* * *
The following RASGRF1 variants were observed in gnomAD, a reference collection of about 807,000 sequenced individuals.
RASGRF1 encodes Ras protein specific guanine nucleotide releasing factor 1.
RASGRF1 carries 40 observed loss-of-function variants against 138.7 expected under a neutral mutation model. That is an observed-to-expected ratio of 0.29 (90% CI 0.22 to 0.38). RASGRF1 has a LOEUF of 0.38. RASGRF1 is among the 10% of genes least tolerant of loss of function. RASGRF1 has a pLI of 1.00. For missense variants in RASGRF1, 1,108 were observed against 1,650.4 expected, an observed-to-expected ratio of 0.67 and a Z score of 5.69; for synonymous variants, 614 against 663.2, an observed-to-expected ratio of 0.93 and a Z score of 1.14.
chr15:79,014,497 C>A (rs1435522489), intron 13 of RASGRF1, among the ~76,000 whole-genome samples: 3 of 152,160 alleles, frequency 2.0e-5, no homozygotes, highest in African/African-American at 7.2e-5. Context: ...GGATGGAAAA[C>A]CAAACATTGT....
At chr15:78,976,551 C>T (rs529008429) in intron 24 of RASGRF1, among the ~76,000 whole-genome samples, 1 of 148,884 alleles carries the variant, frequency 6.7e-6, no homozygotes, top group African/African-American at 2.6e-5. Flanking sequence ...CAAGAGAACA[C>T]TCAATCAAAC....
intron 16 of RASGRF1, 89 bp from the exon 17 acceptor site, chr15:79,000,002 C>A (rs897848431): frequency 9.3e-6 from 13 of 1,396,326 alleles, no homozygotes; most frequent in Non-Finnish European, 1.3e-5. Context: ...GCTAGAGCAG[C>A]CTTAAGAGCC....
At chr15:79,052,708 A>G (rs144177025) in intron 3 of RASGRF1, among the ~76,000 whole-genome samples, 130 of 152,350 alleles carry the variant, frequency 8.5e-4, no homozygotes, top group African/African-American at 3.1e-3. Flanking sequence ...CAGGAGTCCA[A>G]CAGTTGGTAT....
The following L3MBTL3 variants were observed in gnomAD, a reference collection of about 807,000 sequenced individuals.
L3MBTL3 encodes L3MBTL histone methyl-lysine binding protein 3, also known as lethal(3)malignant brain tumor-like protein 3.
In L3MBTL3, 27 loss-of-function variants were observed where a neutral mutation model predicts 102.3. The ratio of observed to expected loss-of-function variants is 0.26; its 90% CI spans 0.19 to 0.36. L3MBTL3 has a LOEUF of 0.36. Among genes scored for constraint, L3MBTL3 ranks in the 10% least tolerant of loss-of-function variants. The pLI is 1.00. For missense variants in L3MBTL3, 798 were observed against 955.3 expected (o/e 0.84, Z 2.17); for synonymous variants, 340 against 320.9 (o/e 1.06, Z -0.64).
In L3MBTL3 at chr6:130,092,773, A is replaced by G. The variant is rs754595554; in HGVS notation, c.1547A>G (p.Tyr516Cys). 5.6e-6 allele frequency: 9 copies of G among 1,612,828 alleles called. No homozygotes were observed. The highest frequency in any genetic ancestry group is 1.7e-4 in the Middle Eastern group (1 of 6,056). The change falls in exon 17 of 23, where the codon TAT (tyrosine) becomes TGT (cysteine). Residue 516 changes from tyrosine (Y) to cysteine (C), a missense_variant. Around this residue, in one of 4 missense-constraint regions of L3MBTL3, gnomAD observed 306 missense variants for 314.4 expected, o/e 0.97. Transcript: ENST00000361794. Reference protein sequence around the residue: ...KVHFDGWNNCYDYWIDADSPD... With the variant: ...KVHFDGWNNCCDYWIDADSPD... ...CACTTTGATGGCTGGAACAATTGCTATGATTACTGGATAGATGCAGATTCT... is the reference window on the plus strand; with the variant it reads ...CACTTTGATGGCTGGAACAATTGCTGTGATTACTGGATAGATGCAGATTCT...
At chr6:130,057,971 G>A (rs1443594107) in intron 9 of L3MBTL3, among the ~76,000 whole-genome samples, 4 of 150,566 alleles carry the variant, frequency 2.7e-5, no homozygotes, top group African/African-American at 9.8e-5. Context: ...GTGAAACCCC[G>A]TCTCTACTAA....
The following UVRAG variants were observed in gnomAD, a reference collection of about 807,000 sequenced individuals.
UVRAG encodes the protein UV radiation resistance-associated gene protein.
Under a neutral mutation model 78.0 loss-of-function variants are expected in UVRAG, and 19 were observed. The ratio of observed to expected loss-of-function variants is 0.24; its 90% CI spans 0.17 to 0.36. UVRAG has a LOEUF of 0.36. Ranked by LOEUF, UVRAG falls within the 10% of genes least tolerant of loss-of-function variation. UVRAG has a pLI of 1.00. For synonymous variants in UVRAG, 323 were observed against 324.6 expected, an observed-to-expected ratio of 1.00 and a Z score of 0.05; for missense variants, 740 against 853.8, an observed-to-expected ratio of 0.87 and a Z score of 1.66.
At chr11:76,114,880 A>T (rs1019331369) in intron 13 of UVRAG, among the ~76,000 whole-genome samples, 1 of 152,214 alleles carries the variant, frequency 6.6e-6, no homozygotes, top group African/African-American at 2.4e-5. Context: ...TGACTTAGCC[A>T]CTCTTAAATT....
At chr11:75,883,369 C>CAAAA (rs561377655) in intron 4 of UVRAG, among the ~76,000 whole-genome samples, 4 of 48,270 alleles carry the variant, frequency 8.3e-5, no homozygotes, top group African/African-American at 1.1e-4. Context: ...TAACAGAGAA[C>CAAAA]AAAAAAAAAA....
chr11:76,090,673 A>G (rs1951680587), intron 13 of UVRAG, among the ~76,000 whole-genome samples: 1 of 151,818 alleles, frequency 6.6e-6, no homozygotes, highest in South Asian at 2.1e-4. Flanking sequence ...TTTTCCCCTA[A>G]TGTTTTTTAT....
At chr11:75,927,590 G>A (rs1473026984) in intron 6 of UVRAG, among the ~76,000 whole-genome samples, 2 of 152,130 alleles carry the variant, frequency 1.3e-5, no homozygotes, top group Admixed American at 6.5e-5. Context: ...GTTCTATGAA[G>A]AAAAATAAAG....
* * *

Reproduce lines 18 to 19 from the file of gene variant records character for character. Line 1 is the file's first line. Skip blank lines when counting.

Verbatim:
chr11:76,090,673 A>G (rs1951680587), intron 13 of UVRAG, among the ~76,000 whole-genome samples: 1 of 151,818 alleles, frequency 6.6e-6, no homozygotes, highest in South Asian at 2.1e-4. Flanking sequence ...TTTTCCCCTA[A>G]TGTTTTTTAT....
At chr11:75,927,590 G>A (rs1473026984) in intron 6 of UVRAG, among the ~76,000 whole-genome samples, 2 of 152,130 alleles carry the variant, frequency 1.3e-5, no homozygotes, top group Admixed American at 6.5e-5. Context: ...GTTCTATGAA[G>A]AAAAATAAAG....